Predictive cancer tools focus on survival; none predict severe symptoms.
To develop and validate a model that predicts the risk for having low performance status and severe symptoms in cancer patients.
Retrospective, population-based, predictive study
We linked administrative data from cancer patients from 2008 to 2015 in Ontario, Canada. Patients were randomly selected for model derivation (60%) and validation (40%). Using the derivation cohort, we developed a multivariable logistic regression model to predict the risk of an outcome at 6 months following diagnosis and recalculated after each of four annual survivor marks. Model performance was assessed using discrimination and calibration plots. Outcomes included low performance status (i.e. 10–30 on Palliative Performance Scale), severe pain, dyspnea, well-being, and depression (i.e. 7–10 on Edmonton Symptom Assessment System).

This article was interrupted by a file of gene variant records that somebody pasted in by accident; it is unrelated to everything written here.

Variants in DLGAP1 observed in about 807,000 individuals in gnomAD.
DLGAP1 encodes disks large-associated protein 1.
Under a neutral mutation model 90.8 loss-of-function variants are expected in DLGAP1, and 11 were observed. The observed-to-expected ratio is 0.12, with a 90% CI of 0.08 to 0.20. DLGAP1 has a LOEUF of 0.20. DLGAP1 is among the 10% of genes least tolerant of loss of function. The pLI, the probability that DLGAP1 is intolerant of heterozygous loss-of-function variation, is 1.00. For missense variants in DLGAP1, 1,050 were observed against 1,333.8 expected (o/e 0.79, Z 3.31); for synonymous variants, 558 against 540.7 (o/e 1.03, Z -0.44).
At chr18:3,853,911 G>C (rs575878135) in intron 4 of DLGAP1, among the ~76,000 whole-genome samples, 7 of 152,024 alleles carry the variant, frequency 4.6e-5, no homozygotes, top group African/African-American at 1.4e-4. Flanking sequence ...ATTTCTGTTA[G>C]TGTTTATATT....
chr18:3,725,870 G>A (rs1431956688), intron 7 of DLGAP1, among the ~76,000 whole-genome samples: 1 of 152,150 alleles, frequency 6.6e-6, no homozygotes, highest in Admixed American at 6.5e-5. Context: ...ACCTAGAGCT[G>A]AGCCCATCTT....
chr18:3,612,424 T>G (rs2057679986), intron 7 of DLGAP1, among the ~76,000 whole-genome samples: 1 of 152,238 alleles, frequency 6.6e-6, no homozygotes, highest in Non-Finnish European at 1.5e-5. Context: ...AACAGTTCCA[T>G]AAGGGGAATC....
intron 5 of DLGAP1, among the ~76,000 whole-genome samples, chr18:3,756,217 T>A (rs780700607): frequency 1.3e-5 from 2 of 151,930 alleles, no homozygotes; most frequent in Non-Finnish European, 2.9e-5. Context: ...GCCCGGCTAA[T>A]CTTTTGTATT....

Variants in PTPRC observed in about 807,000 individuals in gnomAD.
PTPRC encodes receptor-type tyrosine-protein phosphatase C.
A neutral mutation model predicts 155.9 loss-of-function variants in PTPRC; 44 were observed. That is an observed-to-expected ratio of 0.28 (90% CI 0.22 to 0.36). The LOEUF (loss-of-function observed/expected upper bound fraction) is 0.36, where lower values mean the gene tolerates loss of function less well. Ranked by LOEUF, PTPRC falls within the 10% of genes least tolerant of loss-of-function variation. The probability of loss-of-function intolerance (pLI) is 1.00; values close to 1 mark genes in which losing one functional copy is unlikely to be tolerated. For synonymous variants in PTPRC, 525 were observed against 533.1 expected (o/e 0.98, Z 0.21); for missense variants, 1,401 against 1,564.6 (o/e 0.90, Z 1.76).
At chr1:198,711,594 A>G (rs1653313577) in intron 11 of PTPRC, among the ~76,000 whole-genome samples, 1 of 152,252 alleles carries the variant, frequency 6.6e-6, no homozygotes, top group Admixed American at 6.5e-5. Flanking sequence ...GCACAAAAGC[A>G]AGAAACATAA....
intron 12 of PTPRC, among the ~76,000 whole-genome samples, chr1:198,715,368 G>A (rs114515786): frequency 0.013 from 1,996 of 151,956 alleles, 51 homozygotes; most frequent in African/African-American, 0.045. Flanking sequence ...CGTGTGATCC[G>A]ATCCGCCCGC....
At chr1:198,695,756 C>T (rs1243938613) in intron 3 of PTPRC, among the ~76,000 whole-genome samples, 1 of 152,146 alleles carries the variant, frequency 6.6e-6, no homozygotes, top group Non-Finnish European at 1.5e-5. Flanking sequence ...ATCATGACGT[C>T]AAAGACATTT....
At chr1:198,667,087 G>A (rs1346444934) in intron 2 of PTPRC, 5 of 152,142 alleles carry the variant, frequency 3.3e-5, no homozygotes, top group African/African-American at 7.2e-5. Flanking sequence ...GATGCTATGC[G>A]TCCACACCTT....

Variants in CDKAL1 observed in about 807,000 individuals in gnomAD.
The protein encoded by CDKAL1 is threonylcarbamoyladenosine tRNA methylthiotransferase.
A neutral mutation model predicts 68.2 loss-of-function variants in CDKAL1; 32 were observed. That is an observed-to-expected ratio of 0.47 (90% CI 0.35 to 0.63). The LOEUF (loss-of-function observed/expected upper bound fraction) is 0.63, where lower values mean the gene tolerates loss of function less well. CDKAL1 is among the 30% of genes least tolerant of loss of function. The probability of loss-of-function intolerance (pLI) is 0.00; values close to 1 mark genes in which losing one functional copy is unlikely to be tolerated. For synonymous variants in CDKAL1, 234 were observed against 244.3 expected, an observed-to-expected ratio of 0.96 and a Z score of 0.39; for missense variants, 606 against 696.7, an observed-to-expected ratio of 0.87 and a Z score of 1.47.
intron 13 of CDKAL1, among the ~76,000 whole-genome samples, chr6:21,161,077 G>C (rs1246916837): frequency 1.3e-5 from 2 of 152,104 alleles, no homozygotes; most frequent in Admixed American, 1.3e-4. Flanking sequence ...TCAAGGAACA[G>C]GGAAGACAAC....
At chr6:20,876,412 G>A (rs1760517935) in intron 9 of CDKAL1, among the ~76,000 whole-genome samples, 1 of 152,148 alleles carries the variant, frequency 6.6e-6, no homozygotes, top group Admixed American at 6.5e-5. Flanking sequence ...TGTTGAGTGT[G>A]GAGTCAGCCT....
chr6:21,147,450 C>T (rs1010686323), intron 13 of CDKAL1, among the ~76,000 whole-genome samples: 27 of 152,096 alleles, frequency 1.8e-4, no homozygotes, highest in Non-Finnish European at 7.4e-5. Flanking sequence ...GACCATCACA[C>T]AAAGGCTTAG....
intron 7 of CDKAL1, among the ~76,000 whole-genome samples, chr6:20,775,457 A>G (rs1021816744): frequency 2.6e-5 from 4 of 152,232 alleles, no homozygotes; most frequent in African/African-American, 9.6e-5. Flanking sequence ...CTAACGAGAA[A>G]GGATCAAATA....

We identified 255,494 cancer patients (57% female; median age of 64; common cancers were breast (24%); and lung (13%)). At diagnosis, the predicted risk of having low performance status, severe pain, well-being, dyspnea, and depression in 6-months is 1%, 3%, 6%, 13%, and 4%, respectively for the reference case (i.e. male, lung cancer, stage I, no symptoms); the corresponding discrimination for each outcome model had high AUCs of 0.807, 0.713, 0.709, 0.790, and 0.723, respectively. Generally these covariates increased the outcome risk by >10% across all models: lung disease, dementia, diabetes; radiation treatment; hospital admission; pain; depression; transitional performance status; issues with appetite; or homecare.
The model accurately predicted changing cancer risk for low performance status and severe symptoms over time.